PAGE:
Still, no one turned. I smiled to myself. The woman to the top left of my field of vision reached over and scratched her bum. Two men walked in and scoured the space for seats. They came together, but little did they know that this togetherness was an illusion that the cubicles would help them come to terms with.

The Bombay Bicycle Club faded into the soundtrack in my head. “Leaving Blues” danced on the peripheries of my mind. In a space so tainted with loneliness it was only natural that it did. “You’re leaving” somebody whispered, but it was nobody. Sadness truly seeps in when nobody whispers something that would be sad if somebody whispered it anyway. Meanwhile my book would not read itself with the same intensity that my life resisted living. I focused, stone hard vision piercing through a book that seemed to be made entirely of diamond. My highlighter hovered above fresh pages, a laser primed to be shot but a mechanic unsure of how lasers should be shot.

The two men finally found their seats, separated into two different cubicles, softly acknowledging their loneliness. Loneliness was theirs, but they were never lonely, it seemed. Both took out their phones, both felt like they had a life outside here they could very well be at. I shot my glance back to my book. The door clicked open.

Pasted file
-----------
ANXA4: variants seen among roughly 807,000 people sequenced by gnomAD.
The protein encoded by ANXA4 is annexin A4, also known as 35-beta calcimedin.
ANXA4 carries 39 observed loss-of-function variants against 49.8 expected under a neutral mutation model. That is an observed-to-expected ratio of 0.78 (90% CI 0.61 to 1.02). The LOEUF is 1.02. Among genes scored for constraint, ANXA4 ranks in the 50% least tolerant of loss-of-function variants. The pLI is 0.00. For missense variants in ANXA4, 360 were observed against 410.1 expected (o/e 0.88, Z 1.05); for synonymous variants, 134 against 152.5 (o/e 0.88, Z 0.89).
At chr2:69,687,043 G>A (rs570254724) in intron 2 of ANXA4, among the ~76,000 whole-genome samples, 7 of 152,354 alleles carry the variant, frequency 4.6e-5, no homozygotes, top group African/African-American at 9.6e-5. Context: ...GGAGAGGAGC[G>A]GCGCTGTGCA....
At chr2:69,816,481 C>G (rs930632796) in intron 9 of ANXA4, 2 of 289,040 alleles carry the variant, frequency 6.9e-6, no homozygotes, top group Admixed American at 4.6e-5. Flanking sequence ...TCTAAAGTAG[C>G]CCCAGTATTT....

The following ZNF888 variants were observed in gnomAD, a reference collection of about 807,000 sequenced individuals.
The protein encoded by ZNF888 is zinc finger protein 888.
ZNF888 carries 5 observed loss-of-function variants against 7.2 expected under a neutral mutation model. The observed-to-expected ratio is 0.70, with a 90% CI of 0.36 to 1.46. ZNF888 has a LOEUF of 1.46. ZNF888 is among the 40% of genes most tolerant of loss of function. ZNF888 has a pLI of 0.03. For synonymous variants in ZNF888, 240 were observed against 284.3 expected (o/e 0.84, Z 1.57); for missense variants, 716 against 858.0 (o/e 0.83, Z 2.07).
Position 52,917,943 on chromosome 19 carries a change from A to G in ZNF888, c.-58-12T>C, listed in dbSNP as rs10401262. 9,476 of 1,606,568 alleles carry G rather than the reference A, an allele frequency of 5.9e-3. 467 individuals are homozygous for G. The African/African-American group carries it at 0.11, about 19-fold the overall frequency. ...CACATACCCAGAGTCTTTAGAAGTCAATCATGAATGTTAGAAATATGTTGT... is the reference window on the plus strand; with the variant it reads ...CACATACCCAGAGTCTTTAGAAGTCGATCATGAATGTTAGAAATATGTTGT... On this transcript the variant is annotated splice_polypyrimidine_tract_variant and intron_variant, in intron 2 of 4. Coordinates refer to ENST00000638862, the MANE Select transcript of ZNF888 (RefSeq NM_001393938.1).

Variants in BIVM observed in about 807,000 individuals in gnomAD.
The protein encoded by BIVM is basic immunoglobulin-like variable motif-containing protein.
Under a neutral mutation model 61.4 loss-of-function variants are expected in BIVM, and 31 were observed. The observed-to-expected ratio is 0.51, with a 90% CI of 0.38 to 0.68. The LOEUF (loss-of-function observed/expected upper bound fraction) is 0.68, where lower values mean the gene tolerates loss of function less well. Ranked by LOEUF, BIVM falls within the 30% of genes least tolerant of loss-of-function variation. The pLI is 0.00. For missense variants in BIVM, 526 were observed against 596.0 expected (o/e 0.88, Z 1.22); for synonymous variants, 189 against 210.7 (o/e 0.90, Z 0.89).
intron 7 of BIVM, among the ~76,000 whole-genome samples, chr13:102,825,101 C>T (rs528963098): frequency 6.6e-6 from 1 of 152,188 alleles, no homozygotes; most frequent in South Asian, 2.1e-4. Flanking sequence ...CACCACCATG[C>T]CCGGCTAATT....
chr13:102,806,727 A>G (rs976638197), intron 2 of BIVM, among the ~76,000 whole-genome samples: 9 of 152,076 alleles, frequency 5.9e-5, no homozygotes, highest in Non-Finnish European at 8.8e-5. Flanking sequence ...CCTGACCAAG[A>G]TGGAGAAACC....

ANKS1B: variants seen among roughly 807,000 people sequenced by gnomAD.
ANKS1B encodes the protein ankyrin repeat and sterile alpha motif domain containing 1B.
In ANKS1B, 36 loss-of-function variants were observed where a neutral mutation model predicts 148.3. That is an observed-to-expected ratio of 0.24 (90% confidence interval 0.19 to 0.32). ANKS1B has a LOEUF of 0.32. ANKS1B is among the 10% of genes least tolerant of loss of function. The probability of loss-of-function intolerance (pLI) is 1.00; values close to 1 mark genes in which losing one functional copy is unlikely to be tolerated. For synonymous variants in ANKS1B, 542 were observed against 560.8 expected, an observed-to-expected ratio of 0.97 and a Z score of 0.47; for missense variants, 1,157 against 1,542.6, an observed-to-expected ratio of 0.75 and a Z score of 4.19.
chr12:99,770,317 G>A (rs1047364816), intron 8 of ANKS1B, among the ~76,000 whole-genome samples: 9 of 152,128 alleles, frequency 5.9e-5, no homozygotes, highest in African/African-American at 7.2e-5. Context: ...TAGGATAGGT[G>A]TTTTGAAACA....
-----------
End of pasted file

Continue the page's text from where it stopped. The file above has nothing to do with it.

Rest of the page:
The girl was back. The woman scratched her butt again. The white man woke up and grunted. A few people turned their heads. My highlighter fell out of my hand, precisely when the girl brushed past me, it was out of my control. My vision blurred, she stepped on the highlighter. The girl fell forward, let go of her bottle. I regarded the scene with the helplessness of a bystander. The bottle flew in the air, even the white man looked up from his reverie.

It fell onto the table, released its tremulous load and soaked my book in the promises of yesterday, my highlighter crushed beyond repair, my resolutions finding a hole and quickly jumping into it without coercion.

“I’m sorry,” she would later say.

“Don’t be,” I would tell her

“Why?” She was curious.